16 October 2020 22:38
The most basic QAnon belief casts President Trump as the hero in a fight against the "deep state" and a sinister cabal of Democratic politicians and celebrities who abuse children. Since there's no leadership or structure to QAnon, its supporters incorporate existing conspiracy theories and develop new ones. That's when he began listening to conspiracy theorist Alex Jones and reading Infowars, which exposed him to QAnon theories for the first time. "There'd be a lot of Youtube and Reddit mini-celebrities within the community that would be like the anointed decrypter for that point in time," Jadeja noted. I was probably in a deep depression I think when I found Q." Jitarth Jadeja, former QAnon follower [S]uch shouting, irrational, you sound like the homeless guy on the street yelling about Judgment Day," Jadeja said.
"I think superficially it did seem like [QAnon] gave me comfort," Jadeja said. "I think we tend to underestimate the extent to which these sorts of narratives are appealing," Alethea Group's Otis said, "especially when we're in a time of great stress and emotions are high." View, the conspiracy theory researcher, said QAnon preys on vulnerable people who in some cases might be suffering from mental health issues. "I think it's a mistake to say that QAnon is a conspiracy theory, because this kind of makes it sound like Area 51 or Big Foot," he said. In a May 2019 bulletin, the FBI warned that conspiracy theories like QAnon could "very likely" motivate criminal and sometimes violent activity in the US especially because of the reach and volume of conspiratorial content available online. QAnon theories often start out on fringe internet forums like 8kun and 4chan, according to Alethea Group's Kaplan.
Looking back, Jadeja said, he doesn't think there isn't a single relationship in his life that wasn't affected by his time believing in QAnon. Jadeja thinks it's possible more QAnon believers can follow his path out. That's why, he said, he decided to share his story — in the hope that other believers might see that there is life after QAnon and reevaluate their choice to support it. In a batch of QAnon-linked Republican congressional candidates on ballots across the US this general election season, experts see the product of increased polarisation and a new form of conservatism fostered by the conspiracy-theory friendly President Donald Trump. The web of convoluted conspiracies known as QAnon, which began in 2017 when a shadowy figure known as Q began posting fringe ideas and breadcrumb narratives on sites like 4chan, has gone increasingly viral, although its support offline has been harder to quantify.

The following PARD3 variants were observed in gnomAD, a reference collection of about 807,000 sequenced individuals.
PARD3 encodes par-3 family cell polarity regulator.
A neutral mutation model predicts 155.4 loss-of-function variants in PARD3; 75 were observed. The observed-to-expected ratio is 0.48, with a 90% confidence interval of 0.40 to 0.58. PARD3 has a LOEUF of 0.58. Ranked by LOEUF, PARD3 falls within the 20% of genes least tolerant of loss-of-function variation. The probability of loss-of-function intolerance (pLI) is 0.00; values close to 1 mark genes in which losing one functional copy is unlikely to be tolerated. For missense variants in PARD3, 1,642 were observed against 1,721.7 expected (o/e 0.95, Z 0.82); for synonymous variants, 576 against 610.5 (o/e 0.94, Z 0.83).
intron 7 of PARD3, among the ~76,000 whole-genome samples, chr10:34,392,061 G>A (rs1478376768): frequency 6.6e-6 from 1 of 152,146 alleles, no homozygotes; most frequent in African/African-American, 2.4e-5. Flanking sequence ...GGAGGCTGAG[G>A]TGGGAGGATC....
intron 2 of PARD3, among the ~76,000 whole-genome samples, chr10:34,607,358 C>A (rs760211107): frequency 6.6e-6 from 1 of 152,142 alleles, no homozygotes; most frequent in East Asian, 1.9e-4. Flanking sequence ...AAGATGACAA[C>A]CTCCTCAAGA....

Trump, for his part, said in August of QAnon supporters: "I understand they like me very much, which I appreciate." Supporters of US President Donald Trump and a woman wearing a shirt supporting the QAnon conspiracy movement cheer the president in Ypsilanti, Michigan in May [Leah Millis/Reuters] In QAnon, Brian Levin, the director of the Center for the Study of Hate and Extremism at California State University San Bernardino (CSUSB), told Al Jazeera, you have "the visceral appeal of an anti-elite message that is elastic enough to capture a lot of folks who feel fear and disenfranchisement from the current political system". For QAnon believers "Q+" is President Trump. And that's exactly what conspiracy theories like QAnon address." In August, after winning the primary, Greene sought to distance herself from QAnon in an interview with Fox News, saying the conspiracy theory was not "part of my campaign" and something she has not "talked about for quite a long time now". Her campaign has said she does not support conspiracy theories. "I think the problem with this has been the lack of leadership in the Republican Party, with respect to really using all the means that they have to eliminate conspiracy theories and bigotry from their discourse," said Levin. More than 1 in 50 tweets about voting in the 2020 elections in August and September were posted by QAnon accounts, according to research released Friday by Advance Democracy, a nonpartisan nonprofit. The research also found that 2 in every 25 tweets using the hashtag #voterfraud originated from QAnon accounts, a sign of how ubiquitous the conspiracy theory has become on Twitter, one of the last remaining major social media platforms to allow QAnon content. QAnon is a conspiracy theory that falsely claims the world is run by a secret cabal of child-eating Democrats and Hollywood celebrities who worship Satan, and that President Donald Trump is fighting a secret war to stop them. Some QAnon believers have recently begun joining local armed militant groups, and one of the 13 men who plotted to kidnap Michigan Gov. Gretchen Whitmer posted about his belief in the conspiracy theory. "The fact that one in 50 tweets about voting in the 2020 elections are coming from QAnon accounts illustrates just how far social media companies still need to go to combat this dangerous conspiracy theory," said Daniel J. 30, two months after Twitter said it would take steps to limit the reach of QAnon accounts on its platform. Still, QAnon accounts are appearing prominently on Twitter and their conspiracy theories are reaching the president. Advance Democracy said that at least 100,000 accounts on Twitter with QAnon-related terms in their bios remain on the platform. "It's important that Facebook and Twitter have taken action to curb the spread of conspiracy groups like QAnon that are promoting disinformation--and, in some cases, violence--on their platforms," Jones said.